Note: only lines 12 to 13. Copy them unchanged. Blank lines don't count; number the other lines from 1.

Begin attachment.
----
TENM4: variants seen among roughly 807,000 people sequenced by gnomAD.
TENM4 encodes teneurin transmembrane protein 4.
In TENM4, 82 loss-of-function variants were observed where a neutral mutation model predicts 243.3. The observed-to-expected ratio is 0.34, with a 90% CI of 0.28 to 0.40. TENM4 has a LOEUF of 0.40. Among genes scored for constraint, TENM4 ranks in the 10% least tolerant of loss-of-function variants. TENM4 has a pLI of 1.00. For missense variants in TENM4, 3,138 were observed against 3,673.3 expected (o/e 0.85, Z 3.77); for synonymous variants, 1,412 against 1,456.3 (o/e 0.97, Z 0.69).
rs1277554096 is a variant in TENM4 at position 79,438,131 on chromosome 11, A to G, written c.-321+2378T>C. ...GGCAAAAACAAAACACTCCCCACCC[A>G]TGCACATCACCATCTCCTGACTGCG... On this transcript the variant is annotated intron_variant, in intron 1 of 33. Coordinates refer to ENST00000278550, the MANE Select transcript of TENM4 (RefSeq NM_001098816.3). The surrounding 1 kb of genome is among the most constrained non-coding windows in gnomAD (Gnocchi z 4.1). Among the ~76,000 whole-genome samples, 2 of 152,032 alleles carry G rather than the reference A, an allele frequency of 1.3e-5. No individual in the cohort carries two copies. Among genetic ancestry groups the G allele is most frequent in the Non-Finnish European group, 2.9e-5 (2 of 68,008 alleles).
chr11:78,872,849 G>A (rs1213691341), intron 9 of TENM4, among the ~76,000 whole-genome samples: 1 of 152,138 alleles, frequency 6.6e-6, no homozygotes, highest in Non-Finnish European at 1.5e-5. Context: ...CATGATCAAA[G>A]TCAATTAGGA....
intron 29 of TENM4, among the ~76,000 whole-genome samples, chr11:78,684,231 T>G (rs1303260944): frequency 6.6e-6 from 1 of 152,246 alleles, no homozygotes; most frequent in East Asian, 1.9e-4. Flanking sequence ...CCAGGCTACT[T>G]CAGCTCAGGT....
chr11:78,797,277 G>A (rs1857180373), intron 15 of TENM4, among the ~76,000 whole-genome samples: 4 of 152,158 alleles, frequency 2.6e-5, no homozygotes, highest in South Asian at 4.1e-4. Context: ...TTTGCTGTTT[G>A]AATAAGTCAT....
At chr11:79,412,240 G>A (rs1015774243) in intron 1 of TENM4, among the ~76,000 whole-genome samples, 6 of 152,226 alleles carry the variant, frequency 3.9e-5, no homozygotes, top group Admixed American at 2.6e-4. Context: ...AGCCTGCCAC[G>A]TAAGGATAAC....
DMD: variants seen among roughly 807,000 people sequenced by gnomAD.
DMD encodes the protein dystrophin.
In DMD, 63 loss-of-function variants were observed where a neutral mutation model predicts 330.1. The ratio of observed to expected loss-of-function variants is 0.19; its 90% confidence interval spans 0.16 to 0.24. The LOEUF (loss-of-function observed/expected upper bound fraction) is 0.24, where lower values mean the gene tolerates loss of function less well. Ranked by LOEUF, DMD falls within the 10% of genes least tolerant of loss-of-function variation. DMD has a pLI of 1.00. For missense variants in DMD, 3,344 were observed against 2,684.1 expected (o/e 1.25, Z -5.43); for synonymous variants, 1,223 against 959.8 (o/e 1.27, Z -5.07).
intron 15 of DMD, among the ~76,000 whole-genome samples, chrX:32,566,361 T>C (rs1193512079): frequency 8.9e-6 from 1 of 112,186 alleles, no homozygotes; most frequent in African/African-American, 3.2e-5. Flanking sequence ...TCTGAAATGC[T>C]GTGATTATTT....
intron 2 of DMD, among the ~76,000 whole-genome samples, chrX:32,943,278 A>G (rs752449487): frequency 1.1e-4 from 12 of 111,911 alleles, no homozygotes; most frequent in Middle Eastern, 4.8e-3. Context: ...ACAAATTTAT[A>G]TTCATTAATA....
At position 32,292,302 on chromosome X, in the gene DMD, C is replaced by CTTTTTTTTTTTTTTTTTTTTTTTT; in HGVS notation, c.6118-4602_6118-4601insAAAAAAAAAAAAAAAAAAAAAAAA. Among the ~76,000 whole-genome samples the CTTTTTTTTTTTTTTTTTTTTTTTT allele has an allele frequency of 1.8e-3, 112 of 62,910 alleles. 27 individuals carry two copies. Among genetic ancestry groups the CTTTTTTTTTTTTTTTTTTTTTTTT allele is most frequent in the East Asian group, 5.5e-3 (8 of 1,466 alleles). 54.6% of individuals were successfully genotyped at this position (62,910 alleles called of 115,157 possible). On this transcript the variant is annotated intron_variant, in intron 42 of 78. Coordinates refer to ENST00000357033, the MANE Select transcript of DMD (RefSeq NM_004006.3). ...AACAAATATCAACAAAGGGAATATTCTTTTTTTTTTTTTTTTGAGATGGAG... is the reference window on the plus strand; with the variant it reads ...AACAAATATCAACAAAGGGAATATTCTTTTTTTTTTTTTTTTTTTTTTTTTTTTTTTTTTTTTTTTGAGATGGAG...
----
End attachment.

intron 15 of DMD, among the ~76,000 whole-genome samples, chrX:32,566,361 T>C (rs1193512079): frequency 8.9e-6 from 1 of 112,186 alleles, no homozygotes; most frequent in African/African-American, 3.2e-5. Flanking sequence ...TCTGAAATGC[T>C]GTGATTATTT....
intron 2 of DMD, among the ~76,000 whole-genome samples, chrX:32,943,278 A>G (rs752449487): frequency 1.1e-4 from 12 of 111,911 alleles, no homozygotes; most frequent in Middle Eastern, 4.8e-3. Context: ...ACAAATTTAT[A>G]TTCATTAATA....